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To what extent was the first decade of the 20th century the age of hope people thought it would be?

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To what extent was the first decade of the 20th century the age of hope people thought it would be? The extent, to which the first decade of the 20th century, was the age of hope people thought it would be is contingent on the perspective taken on the changes and developments that were taking place at the time. Though it was to a great extent the age of hope people thought it would be, such an extent is limited due to fact that the changes that were taking place also led to a climate of anxiety which culminated in World War one. At such a point in time, new world order was being established and the notions of "old orders" questioned. Subsequently political instability flourished and shifts in the balance of powers occurred. Advancements in technology were prevalent, ensuring an improvement on the quality of life for all. Complemented by the leaps in technology and industrialisation, economic growth was consistently on the rise, giving people high hopes of a better future, however simultaneously creating rivalries amongst nations. Hence the first decade of the 20th century was a time of great change. However it was the results of such changes which served to be catalysts for the new found tensions and rivalries amongst differing nations. ...read more.


it proved significant as France and Britain had been enemies since the beginning of time, and the unification of both proved that Germany was a major threat to the balance of power in Europe. Further in 1907 Russia and Britain signed an Entente, and now the Entente Cordiale had grown into a triple Entente between France, Russia and Great Britain. Such diplomatic alliances evoked sentiments of fear and anxiety amongst people, as they felt the security and stability of their countries were being threatened. As such one can interpret that the first decade of the 20th century was not the age of hope people thought it would be. At the turning point of the 20th century, notions of the "old order" were consistently challenged, such as the social structure. At the time, the fundamental division which existed within most societies was that of class, that is the rich capitalist class and the working proletariat class. However near the end of the 19th century the working class started to question whether they were receiving fair treatment. By the start of the 20th century, the working class had become increasingly well-organised and was effectively agitating for an improvement on their lot, exerting direct pressure on their governments. ...read more.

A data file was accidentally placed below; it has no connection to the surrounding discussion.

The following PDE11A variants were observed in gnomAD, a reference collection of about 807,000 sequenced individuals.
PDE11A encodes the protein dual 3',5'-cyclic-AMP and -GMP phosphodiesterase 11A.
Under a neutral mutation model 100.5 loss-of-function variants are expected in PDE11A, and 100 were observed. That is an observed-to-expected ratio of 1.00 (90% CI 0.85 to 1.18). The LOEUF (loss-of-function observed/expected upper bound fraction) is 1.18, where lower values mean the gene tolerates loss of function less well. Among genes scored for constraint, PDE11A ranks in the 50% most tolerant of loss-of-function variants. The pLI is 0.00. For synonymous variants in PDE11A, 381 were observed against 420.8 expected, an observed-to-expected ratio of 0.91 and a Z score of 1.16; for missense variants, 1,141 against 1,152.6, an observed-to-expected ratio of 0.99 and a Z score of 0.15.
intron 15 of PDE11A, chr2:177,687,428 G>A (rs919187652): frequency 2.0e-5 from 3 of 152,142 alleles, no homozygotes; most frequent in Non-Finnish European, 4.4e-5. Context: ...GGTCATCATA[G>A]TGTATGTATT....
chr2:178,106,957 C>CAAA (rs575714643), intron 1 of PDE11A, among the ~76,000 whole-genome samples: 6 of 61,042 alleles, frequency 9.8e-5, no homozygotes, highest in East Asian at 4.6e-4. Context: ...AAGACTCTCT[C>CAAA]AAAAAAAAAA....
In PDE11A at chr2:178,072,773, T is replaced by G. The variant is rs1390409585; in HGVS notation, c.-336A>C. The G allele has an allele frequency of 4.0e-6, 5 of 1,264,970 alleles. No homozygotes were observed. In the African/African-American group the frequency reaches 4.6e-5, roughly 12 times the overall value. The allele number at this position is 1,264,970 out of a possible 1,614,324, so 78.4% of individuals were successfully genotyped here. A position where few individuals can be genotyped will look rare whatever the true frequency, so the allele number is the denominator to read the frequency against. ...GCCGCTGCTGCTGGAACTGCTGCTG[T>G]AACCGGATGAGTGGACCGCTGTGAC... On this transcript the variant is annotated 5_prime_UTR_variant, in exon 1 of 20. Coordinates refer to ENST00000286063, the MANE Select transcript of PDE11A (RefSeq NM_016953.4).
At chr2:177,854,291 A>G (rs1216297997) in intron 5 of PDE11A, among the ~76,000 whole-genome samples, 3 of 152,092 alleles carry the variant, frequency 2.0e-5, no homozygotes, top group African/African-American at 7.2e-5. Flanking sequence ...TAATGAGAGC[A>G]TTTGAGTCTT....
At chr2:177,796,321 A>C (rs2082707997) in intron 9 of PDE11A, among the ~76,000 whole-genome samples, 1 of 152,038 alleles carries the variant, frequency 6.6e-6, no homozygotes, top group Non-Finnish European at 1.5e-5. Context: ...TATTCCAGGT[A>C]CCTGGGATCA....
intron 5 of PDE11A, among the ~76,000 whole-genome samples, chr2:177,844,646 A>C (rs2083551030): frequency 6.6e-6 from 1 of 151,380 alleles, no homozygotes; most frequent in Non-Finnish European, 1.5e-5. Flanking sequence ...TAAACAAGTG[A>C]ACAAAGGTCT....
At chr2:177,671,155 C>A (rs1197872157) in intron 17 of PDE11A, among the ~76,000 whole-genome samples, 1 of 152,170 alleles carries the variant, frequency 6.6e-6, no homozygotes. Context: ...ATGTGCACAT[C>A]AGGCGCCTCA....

The extent to which the first decade of the 20th century was the age of hope that people thought it would be, heavily hinges on the view and consequences that one focuses attention on. For example, though economic prosperity brought great hope for an increased quality of life or people, it also served to create rivalries and tensions amongst nations. It is through the consequences of the changes that were taking place that the decade proved to be one of the most significant in history. As historian J.Joll contends, "...the main features of the 20th century development can all be observed in 1900." In such a time frame, the world changed substantially in all aspects of life, that is, politically, economically and socially. However, the events of history prove that it was the results of such changes, which served as catalysts for the newfound tensions and rivalries which led to the outbreak of World War One. Hence, it is through such context that one comes to see that the extent to which the first decade of the 20th century was the age of hope people thought it would be was limited. Jasandeep Bhatti 1 Study Guide: "Europe; The World's Overlord" 2 Chapter 11; The countdown to war: 1900-1914 3 Study Guide: "Europe; The World's Overlord" 4 Study Guide: "Europe; The World's Overlord" 5 http://www.americanscientist.org/template/BookReviewTypeDetail/assetid/54755;jsessionid=baa9... ?? ?? ?? ?? ...read more.

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